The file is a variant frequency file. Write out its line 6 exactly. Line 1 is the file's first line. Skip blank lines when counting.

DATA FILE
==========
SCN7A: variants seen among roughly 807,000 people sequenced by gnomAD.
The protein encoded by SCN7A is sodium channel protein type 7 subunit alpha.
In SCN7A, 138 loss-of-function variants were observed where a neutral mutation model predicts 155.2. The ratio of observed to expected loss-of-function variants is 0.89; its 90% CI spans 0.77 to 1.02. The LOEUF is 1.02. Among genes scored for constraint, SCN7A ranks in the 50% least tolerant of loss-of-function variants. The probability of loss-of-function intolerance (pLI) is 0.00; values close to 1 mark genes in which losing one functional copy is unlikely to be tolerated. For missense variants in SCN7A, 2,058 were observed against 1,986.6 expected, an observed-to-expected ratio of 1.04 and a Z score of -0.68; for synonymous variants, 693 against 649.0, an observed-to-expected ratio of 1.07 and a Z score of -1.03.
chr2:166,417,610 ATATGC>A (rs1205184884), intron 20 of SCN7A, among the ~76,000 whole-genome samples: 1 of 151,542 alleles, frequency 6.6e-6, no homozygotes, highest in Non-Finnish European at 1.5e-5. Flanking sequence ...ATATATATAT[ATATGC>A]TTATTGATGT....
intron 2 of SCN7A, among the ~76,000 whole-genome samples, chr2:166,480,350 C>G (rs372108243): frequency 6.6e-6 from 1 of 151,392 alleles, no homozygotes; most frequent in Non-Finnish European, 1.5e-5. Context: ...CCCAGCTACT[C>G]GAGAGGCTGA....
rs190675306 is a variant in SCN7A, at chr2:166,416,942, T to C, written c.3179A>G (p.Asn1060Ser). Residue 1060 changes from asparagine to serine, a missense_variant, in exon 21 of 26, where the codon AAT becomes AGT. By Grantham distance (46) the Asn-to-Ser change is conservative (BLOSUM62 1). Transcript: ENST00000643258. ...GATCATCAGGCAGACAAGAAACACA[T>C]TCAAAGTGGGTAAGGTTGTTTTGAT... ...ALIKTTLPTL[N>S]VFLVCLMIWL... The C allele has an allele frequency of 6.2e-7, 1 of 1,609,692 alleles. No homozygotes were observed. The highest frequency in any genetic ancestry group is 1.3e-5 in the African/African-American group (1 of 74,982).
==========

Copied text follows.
rs190675306 is a variant in SCN7A, at chr2:166,416,942, T to C, written c.3179A>G (p.Asn1060Ser). Residue 1060 changes from asparagine to serine, a missense_variant, in exon 21 of 26, where the codon AAT becomes AGT. By Grantham distance (46) the Asn-to-Ser change is conservative (BLOSUM62 1). Transcript: ENST00000643258. ...GATCATCAGGCAGACAAGAAACACA[T>C]TCAAAGTGGGTAAGGTTGTTTTGAT... ...ALIKTTLPTL[N>S]VFLVCLMIWL... The C allele has an allele frequency of 6.2e-7, 1 of 1,609,692 alleles. No homozygotes were observed. The highest frequency in any genetic ancestry group is 1.3e-5 in the African/African-American group (1 of 74,982).